Making sense of bailouts

Nobody likes to admit he’s the stupidest guy in the class, so I’ll go first.

The economy is tanking. We all get that now because we can understand things like a talk with the boss who says “I’m letting you go.” But how did this happen? Why didn’t the media tell us the financial system was failing us? Where were the regulators?

I submit, based on my view from the back of the classroom, that we were told, we just didn’t understand what they were talking about and we didn’t want to admit we didn’t understand what they were talking about.

Case in point: This morning CNBC ran a segment that the prime — as opposed to the “subprime” market, which I still don’t understand — may be the next big problem in the United States. And to prove it, they put up this graphic:


Yes, that’s certainly something to make us all sit up and take notice because — as everyone knows — when prime jumbo securitizations have only 3% subordination to Aaaa tranche, well, do I really have to point out the obvious?

But even if business journalists were required to speak English to us — or we were all required to get a business degree — it doesn’t make common sense.

Case in point: An Associated Press story today says, “Government plans new program to aid credit issuers.” Treasury Secretary Henry Paulson apparently intends to give a slice of the $700 bailout to the companies that jam your mailbox with credit card offers.

Interesting timing because last night I came home to this:


They’re getting better at this. Now they make these mailings look like your bill, so you have to open it. And, sure enough, there were checks inside:


Now, let’s say I wanted to write a check for $100. It will cost me a minimum $10 fee and an interest rate of 28.99%. Last month, I paid off a credit card bill in full and this month I got a bill for another $2.18 finance charge on my zero balance. Keep in mind, too, the credit card companies get a piece of the action from the merchant when a sale is made. If you’re a credit card company, how do you not make money with these things? Moreover, how do you tell an autoworker, his industry is too messed up to get help and tell the credit card company theirs isn’t?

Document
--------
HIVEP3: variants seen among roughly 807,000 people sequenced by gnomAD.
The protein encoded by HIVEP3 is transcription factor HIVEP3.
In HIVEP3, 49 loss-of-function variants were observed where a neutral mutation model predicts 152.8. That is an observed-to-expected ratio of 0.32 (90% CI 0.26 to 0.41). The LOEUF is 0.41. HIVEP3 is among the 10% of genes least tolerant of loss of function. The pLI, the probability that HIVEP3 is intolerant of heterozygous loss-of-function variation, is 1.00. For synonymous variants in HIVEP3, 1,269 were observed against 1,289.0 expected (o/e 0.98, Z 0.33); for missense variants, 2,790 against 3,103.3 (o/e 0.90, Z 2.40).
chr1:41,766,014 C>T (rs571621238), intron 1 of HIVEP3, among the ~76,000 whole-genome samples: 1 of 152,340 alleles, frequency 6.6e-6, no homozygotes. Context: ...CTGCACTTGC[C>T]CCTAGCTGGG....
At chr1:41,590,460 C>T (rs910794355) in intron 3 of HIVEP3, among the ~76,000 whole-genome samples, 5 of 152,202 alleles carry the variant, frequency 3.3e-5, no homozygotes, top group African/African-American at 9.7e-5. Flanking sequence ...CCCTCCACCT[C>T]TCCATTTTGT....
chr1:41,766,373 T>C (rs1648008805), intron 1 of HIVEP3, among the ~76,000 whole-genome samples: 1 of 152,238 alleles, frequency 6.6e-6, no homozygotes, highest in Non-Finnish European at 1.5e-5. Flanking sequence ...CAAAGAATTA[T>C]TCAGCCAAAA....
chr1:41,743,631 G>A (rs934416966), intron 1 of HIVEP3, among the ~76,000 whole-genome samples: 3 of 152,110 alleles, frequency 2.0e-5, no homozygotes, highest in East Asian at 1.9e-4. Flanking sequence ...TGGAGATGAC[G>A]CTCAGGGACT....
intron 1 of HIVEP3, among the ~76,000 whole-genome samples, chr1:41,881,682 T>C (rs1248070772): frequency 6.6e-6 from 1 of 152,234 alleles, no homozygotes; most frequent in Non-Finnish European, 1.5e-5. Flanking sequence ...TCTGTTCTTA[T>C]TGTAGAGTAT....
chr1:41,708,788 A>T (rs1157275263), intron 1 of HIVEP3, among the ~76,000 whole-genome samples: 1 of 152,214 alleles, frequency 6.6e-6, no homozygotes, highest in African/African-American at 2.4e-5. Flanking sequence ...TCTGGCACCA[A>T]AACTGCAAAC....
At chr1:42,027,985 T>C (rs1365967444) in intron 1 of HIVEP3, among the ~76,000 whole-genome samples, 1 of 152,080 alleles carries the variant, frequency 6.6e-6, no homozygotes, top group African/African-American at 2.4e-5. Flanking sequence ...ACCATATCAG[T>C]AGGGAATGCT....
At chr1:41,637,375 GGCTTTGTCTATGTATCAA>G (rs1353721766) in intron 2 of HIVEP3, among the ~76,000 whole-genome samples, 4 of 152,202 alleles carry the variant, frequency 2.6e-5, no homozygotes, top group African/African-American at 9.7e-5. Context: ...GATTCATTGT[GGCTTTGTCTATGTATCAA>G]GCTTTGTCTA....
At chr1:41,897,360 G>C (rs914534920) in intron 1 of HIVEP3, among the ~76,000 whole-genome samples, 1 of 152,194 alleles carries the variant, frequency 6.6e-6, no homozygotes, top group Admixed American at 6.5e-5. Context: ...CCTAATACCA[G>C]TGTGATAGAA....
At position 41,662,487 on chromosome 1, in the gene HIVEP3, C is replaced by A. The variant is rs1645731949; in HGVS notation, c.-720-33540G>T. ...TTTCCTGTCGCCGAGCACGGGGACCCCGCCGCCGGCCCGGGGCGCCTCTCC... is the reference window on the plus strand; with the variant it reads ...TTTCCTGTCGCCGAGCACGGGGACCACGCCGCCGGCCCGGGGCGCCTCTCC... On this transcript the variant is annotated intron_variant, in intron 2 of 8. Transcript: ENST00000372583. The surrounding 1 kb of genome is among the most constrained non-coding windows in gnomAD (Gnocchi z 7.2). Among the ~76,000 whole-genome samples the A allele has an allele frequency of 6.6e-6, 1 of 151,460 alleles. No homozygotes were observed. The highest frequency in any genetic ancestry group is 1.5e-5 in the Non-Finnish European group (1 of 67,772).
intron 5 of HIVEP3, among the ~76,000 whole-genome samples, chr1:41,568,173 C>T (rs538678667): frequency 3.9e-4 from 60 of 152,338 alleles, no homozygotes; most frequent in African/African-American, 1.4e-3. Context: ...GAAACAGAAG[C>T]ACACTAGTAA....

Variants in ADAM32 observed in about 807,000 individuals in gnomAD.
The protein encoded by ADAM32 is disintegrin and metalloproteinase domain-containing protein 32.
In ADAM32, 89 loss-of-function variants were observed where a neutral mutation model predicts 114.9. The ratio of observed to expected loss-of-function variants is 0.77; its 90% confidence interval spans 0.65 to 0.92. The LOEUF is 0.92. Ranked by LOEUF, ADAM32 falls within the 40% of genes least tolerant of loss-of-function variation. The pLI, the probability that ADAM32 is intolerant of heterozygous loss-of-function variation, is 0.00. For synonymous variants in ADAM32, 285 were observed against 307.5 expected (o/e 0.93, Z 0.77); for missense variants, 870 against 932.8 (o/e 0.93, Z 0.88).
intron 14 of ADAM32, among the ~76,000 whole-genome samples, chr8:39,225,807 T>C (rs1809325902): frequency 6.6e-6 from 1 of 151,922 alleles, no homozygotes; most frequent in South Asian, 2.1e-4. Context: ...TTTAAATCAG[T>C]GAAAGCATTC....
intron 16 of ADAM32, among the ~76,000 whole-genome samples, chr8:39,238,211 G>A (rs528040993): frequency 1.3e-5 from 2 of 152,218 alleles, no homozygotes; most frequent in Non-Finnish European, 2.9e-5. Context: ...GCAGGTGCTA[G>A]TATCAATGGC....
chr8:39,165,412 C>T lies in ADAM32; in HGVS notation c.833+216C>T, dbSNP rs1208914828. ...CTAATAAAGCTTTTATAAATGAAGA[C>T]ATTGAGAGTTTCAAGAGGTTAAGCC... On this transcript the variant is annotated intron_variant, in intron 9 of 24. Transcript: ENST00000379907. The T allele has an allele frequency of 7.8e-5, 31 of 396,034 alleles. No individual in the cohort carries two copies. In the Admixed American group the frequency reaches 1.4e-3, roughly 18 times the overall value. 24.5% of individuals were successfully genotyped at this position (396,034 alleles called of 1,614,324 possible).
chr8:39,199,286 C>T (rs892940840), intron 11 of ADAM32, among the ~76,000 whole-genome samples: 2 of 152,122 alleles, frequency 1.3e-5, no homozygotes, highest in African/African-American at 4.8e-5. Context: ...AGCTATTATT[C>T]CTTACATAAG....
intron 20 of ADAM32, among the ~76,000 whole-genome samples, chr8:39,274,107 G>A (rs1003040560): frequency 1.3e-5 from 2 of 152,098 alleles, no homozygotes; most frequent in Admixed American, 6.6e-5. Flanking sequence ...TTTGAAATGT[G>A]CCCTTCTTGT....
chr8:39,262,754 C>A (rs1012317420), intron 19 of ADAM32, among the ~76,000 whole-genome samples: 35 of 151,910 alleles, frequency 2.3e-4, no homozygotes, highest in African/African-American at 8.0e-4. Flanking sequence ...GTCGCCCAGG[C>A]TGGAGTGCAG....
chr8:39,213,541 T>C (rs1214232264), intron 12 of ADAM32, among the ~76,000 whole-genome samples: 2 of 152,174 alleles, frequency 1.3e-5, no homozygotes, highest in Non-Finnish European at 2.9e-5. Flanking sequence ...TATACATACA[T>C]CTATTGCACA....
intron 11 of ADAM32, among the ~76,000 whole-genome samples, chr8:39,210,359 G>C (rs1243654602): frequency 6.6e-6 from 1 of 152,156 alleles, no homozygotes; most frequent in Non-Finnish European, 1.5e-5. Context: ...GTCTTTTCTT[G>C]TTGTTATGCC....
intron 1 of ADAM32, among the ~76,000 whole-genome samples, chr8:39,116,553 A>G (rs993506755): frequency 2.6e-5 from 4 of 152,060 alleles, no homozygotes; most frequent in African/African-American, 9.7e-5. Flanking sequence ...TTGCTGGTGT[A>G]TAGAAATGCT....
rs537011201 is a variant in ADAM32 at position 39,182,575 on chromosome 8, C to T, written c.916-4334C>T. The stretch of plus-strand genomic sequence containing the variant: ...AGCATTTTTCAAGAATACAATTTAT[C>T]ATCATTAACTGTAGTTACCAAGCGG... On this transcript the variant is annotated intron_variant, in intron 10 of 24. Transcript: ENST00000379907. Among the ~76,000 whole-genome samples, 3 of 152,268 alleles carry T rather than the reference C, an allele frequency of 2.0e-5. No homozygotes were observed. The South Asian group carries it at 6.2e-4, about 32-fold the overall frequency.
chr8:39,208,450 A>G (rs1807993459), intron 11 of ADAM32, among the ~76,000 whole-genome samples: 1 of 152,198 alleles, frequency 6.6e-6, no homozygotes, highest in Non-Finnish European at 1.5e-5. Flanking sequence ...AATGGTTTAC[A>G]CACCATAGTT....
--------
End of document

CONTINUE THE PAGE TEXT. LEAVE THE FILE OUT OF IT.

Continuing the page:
Here’s a way to help the American consumer. Buy each household one of these:


And make us pay cash.

Update 9:12 a.m. Secretary Paulson is having a news conference at this hour and says the government is stepping in to help credit card companies — a $200 billion bailout — because consumers are having a difficult time getting credit.

The central bank also launched a $200 billion facility to back consumer loans, including student, auto, and credit card loans and loans backed by the federal Small Business Administration.

Have you had difficulty getting credit or purchasing anything on credit? Or is you reason for not buying that you didn’t want to take on any debt right now? Tell me more. This might be one of those times when “helping” the economy and “helping” the consumer are not the same thing.